Montevideo, Jan 28 (EFE).- Indignation, anger, fatigue and a lack of response brought women in Uruguay back on the streets on Friday to protest “against the culture of rape” following the gangrape of a 30-year-old woman in Montevideo last weekend.
Protests were held in all the departments (provinces) of the country, demanding an end to rapes, femicides and other sexual abuse that women suffer daily, while those who could not attend the marches banged pots from the balconies and blew the horns of their cars.
Union member and feminist Tamara García told EFE that the women were “terrified” and “outraged” following the rape on Jan. 16.
“We are overcome by (feelings of) helplessness and anger, because it is also something that could have happened to all of us at some point. We are focusing on the fact that this is not an isolated case, this is called a culture of rape and it happens to us every day in different situations and in different magnitudes,” she said.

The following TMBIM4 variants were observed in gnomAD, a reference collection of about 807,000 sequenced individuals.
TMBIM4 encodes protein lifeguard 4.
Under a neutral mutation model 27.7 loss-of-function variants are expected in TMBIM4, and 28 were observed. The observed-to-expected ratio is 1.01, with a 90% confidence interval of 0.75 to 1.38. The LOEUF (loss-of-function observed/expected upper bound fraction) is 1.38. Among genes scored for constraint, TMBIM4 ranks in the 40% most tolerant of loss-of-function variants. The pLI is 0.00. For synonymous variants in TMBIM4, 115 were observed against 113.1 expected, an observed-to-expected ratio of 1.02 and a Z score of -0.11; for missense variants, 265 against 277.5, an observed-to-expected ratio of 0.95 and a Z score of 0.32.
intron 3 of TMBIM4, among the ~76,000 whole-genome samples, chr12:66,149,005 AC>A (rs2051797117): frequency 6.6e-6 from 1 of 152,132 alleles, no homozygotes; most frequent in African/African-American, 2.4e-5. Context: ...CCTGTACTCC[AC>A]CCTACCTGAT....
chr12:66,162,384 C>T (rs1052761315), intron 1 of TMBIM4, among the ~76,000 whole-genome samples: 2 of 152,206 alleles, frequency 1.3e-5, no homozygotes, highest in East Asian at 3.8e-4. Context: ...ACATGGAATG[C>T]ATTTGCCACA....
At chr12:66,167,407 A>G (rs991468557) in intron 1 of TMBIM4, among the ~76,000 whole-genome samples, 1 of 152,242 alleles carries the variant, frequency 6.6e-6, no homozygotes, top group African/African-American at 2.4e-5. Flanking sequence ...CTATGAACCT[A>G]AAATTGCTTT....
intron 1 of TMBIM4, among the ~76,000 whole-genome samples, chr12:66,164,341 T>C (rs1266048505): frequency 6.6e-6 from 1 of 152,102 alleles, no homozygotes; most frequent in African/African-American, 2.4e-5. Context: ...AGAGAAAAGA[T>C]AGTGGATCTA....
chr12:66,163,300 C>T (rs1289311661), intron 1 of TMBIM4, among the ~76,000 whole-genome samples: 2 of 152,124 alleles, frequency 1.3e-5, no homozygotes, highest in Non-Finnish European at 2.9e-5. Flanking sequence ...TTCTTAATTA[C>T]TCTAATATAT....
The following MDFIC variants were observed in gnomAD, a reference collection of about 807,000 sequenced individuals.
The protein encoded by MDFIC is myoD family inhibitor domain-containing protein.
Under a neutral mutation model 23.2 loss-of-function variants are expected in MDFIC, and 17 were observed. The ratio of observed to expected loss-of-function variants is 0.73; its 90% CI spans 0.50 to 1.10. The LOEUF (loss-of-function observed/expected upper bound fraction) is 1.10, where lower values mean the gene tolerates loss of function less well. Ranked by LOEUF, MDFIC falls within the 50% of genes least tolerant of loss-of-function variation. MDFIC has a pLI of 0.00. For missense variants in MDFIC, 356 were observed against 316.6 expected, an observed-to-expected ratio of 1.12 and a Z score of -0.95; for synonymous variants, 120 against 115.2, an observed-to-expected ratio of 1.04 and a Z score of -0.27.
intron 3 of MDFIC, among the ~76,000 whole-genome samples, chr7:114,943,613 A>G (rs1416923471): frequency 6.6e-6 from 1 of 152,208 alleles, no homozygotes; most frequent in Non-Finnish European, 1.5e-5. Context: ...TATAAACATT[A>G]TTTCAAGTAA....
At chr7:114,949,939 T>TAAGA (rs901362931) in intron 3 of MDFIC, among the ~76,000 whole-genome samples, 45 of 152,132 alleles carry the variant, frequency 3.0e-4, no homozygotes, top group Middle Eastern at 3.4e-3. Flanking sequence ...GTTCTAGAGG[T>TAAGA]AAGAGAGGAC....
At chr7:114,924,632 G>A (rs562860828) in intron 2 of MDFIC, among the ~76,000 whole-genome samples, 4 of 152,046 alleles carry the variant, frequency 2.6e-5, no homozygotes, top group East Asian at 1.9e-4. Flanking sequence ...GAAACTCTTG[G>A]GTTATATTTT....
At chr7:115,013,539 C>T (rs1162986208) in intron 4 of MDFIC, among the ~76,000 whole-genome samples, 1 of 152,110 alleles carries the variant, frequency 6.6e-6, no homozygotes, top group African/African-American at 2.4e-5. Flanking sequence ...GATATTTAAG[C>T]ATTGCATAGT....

A 30-year-old woman was gangraped by a teenage boy and at least three other men in the Uruguayan capital last weekend.
The victim said that, after meeting a man at a bar and going to his apartment on Sunday night, two other men entered his home and raped her.
Forensic analyses confirmed the rape but the three detainees refused to submit to a DNA test, so legal authorization had to be used and, finally, the tests were carried out.
A fourth man is also under investigation.
The incident sparked widespread outrage against this patriarchal culture and led thousands of women to connect over WhatsApp, video calls and meetings and convene the march through Montevideo’s main avenue, 18 de julio.
The demonstrators carried banners and chanted a common slogan and dozens of songs as they marched from the Plaza Independencia, where the seat of the government is located, to the Plaza Cagancha, where the proclamation was read.
The protesters said that the culture of rape maintains that men have uncontrollable “needs or impulses” and demanded that rape, femicide, transphobia and racism should be considered a “national emergency.”
They also questioned remarks made by Uruguayan President Luis Lacalle Pou, who, after the rape, said that these behaviors are not “human or male.”
The protesters argued that such remarks indicated a denial of the reality and hid “a very serious problem” of society.